President Obama heads to North Carolina Wednesday where he'll give a bit of a preview of the economic themes he'll discuss during his upcoming State of the Union address, set for Jan. 28.identifying income inequality and diminishing opportunity as the major challenges of our time in a December speech.
Wednesday’s speech will focus on ways to boost job creation in the manufacturing sector and he'll announce a new "manufacturing innovation institute" for next generation power electronics, according to the White House, an idea he laid out during last year's State of the Union. The manufacturing sector is an area that has grown since bottoming out in 2010 but still hasn’t replaced all of the jobs lost during the recession. While there have been signs that the economy is picking up, the most recent jobs report showed the unemployment rate dropping to a low of 6.7 percent, though that number is lower because so many people stopped looking for work last month.
The main challenge politically, however, is that Mr. Obama faces an uncooperative Congress. Even the Democratic Senate has seen attempts to pass an extension of emergency unemployment benefits stalled by Republicans who demanded first that any measure be paid for, and then a completely open amendment process. It is a top priority for the administration, and one that won’t be happening any time soon.
The rocky road ahead led the president at a cabinet meeting Monday to declare some measure of independence from Congress this year by using two weapons at his disposal: a pen and a phone.
“We are not just going to be waiting for legislation in order to make sure that we're providing Americans the kind of help that they need. I've got a pen, and I've got a phone. And I can use that pen to sign executive orders and take executive actions and administrative actions that move the ball forward in helping to make sure our kids are getting the best education possible, making sure that our businesses are getting the kind of support and help they need to grow and advance, to make sure that people are getting the skills that they need to get those jobs that our businesses are creating,” Mr. Obama said.
“I've got a phone that allows me to convene Americans from every walk of life, nonprofits, businesses, the private sector, universities to try to bring more and more Americans together around what I think is a unifying theme: making sure that this is a country where, if you work hard, you can make it,” he added.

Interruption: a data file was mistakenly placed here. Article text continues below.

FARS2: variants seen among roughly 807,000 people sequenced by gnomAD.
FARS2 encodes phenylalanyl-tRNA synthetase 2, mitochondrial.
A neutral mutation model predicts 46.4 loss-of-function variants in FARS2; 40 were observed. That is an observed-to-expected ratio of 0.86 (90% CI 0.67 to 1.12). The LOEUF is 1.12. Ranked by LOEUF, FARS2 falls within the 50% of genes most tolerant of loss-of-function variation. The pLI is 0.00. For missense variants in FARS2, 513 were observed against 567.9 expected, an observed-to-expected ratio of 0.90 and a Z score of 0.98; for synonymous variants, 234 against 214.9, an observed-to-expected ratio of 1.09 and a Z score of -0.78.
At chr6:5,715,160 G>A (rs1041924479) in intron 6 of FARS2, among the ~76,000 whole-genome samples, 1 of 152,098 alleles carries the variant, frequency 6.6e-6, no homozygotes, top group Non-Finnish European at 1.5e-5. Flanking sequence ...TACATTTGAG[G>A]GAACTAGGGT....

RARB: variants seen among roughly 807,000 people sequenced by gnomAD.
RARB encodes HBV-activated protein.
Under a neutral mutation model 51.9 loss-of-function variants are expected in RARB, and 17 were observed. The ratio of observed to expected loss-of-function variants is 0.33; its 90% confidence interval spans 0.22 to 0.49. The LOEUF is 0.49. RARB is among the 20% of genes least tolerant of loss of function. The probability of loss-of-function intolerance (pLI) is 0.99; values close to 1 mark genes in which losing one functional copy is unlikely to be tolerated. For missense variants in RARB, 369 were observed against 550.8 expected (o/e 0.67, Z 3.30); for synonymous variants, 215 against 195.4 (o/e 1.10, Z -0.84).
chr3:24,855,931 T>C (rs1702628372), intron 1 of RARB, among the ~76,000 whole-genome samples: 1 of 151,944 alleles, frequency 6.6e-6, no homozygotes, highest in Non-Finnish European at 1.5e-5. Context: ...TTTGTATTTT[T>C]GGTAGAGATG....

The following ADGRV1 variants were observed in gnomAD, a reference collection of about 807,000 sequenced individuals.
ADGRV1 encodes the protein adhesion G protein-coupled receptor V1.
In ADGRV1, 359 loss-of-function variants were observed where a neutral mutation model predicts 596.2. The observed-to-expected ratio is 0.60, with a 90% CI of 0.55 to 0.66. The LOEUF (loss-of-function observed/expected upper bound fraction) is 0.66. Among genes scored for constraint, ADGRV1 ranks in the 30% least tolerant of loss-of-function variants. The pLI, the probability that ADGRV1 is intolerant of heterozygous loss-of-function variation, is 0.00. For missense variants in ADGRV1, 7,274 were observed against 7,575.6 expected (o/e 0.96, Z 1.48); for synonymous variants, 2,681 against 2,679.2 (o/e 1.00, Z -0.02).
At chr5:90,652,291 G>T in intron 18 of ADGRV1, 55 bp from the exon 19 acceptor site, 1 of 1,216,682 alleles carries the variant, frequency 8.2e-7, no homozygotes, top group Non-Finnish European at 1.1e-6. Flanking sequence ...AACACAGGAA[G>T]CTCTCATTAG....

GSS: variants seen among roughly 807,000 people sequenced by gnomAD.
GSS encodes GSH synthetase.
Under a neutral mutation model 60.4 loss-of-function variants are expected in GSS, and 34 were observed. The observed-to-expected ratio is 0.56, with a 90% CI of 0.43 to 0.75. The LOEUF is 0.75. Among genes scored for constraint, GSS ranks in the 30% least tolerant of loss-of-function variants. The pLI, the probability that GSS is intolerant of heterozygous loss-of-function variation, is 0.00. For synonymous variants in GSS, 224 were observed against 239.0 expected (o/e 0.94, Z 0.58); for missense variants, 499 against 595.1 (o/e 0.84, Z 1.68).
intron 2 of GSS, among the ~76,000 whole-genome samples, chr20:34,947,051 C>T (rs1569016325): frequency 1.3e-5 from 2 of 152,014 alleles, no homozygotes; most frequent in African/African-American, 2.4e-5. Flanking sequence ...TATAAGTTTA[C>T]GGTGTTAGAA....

Mr. Obama’s spokesman, Jay Carney, elaborated to reporters later in the day that the president “will use every opportunity available to him to move the ball down the field with Congress,” though there is a limit to how much he can accomplish with executive orders alone. Asked what kinds of actions the president could take, Carney said, “the capacity of a president to rally people around a cause, create public-private partnerships when it comes to hiring veterans or investing in education in communities so that you have public sector and private sector partnerships to make sure that folks, young people in those cities and towns and communities are getting the skills they need for the jobs available in their communities.”
But it’s rough going for Mr. Obama these days. His approval rating stands at just 40 percent, according to Gallup’s tracking poll. The Affordable Care Act, his signature legislative accomplishment, is far from the success he had hoped it would be. Congress is pushing back on his efforts at diplomatic engagement with Iran, his former Defense Secretary delivered some harsh public criticism of his foreign policy, and the Supreme Court looks like it might soon invalidate some of the recess appointments he made because they are unconstitutional.
All of this bad luck makes him an unpopular figure with his fellow Democrats facing tough re-elections in 2014. Sen. Kay Hagan, D-N.C., is skipping the speech in her home state entirely, citing the Senate schedule, even though lawmakers in the same party as the president typically accompany him to events in their state or district.
“She's here working on important business,” Carney said, waving off the absence. “We're certainly not looking at a visit designed to highlight the need to continue the progress we've made with advanced manufacturing as an issue of electoral politics.”